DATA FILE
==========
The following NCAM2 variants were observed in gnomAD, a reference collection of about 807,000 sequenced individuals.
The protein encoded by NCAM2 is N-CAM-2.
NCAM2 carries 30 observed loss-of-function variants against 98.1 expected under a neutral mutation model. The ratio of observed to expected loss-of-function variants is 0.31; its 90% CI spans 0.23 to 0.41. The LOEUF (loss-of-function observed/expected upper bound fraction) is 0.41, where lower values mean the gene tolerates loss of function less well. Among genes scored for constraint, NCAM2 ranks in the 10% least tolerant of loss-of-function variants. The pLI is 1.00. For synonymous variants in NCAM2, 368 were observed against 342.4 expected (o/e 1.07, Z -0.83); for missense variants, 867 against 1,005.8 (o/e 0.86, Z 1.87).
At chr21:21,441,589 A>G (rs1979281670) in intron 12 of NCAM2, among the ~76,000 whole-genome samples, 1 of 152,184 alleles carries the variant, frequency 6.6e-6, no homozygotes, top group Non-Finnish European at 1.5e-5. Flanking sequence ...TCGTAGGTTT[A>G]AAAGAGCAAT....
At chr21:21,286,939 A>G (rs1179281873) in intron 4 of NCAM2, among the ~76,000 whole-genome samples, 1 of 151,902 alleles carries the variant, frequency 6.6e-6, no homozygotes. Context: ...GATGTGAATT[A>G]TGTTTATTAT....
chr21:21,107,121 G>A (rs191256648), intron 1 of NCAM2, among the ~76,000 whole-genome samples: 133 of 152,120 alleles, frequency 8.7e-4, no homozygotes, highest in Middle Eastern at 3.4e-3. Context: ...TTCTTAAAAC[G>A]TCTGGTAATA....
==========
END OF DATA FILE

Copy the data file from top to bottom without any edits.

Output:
The following NCAM2 variants were observed in gnomAD, a reference collection of about 807,000 sequenced individuals.
The protein encoded by NCAM2 is N-CAM-2.
NCAM2 carries 30 observed loss-of-function variants against 98.1 expected under a neutral mutation model. The ratio of observed to expected loss-of-function variants is 0.31; its 90% CI spans 0.23 to 0.41. The LOEUF (loss-of-function observed/expected upper bound fraction) is 0.41, where lower values mean the gene tolerates loss of function less well. Among genes scored for constraint, NCAM2 ranks in the 10% least tolerant of loss-of-function variants. The pLI is 1.00. For synonymous variants in NCAM2, 368 were observed against 342.4 expected (o/e 1.07, Z -0.83); for missense variants, 867 against 1,005.8 (o/e 0.86, Z 1.87).
At chr21:21,441,589 A>G (rs1979281670) in intron 12 of NCAM2, among the ~76,000 whole-genome samples, 1 of 152,184 alleles carries the variant, frequency 6.6e-6, no homozygotes, top group Non-Finnish European at 1.5e-5. Flanking sequence ...TCGTAGGTTT[A>G]AAAGAGCAAT....
At chr21:21,286,939 A>G (rs1179281873) in intron 4 of NCAM2, among the ~76,000 whole-genome samples, 1 of 151,902 alleles carries the variant, frequency 6.6e-6, no homozygotes. Context: ...GATGTGAATT[A>G]TGTTTATTAT....
chr21:21,107,121 G>A (rs191256648), intron 1 of NCAM2, among the ~76,000 whole-genome samples: 133 of 152,120 alleles, frequency 8.7e-4, no homozygotes, highest in Middle Eastern at 3.4e-3. Context: ...TTCTTAAAAC[G>A]TCTGGTAATA....